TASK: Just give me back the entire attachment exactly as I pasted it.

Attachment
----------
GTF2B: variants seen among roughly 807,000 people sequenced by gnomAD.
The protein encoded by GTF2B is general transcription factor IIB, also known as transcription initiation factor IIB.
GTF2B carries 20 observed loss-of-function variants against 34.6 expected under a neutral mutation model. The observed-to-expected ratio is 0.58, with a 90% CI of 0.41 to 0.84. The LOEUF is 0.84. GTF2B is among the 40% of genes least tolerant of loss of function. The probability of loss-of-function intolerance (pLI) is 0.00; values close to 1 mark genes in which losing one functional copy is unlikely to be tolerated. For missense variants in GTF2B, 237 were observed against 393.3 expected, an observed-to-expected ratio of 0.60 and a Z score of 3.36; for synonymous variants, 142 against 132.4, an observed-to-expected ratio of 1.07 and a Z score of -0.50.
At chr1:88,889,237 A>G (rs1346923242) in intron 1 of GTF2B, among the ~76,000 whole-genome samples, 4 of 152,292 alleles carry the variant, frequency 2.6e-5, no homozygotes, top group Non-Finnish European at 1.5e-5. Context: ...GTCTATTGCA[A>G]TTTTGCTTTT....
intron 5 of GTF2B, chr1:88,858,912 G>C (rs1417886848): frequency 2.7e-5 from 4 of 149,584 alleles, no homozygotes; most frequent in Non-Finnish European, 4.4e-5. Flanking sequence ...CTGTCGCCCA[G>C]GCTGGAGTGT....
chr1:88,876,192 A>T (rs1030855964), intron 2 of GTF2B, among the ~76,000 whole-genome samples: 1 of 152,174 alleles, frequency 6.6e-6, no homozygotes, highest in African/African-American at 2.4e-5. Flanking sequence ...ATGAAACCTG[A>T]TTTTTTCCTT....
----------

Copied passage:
GTF2B: variants seen among roughly 807,000 people sequenced by gnomAD.
The protein encoded by GTF2B is general transcription factor IIB, also known as transcription initiation factor IIB.
GTF2B carries 20 observed loss-of-function variants against 34.6 expected under a neutral mutation model. The observed-to-expected ratio is 0.58, with a 90% CI of 0.41 to 0.84. The LOEUF is 0.84. GTF2B is among the 40% of genes least tolerant of loss of function. The probability of loss-of-function intolerance (pLI) is 0.00; values close to 1 mark genes in which losing one functional copy is unlikely to be tolerated. For missense variants in GTF2B, 237 were observed against 393.3 expected, an observed-to-expected ratio of 0.60 and a Z score of 3.36; for synonymous variants, 142 against 132.4, an observed-to-expected ratio of 1.07 and a Z score of -0.50.
At chr1:88,889,237 A>G (rs1346923242) in intron 1 of GTF2B, among the ~76,000 whole-genome samples, 4 of 152,292 alleles carry the variant, frequency 2.6e-5, no homozygotes, top group Non-Finnish European at 1.5e-5. Context: ...GTCTATTGCA[A>G]TTTTGCTTTT....
intron 5 of GTF2B, chr1:88,858,912 G>C (rs1417886848): frequency 2.7e-5 from 4 of 149,584 alleles, no homozygotes; most frequent in Non-Finnish European, 4.4e-5. Flanking sequence ...CTGTCGCCCA[G>C]GCTGGAGTGT....
chr1:88,876,192 A>T (rs1030855964), intron 2 of GTF2B, among the ~76,000 whole-genome samples: 1 of 152,174 alleles, frequency 6.6e-6, no homozygotes, highest in African/African-American at 2.4e-5. Flanking sequence ...ATGAAACCTG[A>T]TTTTTTCCTT....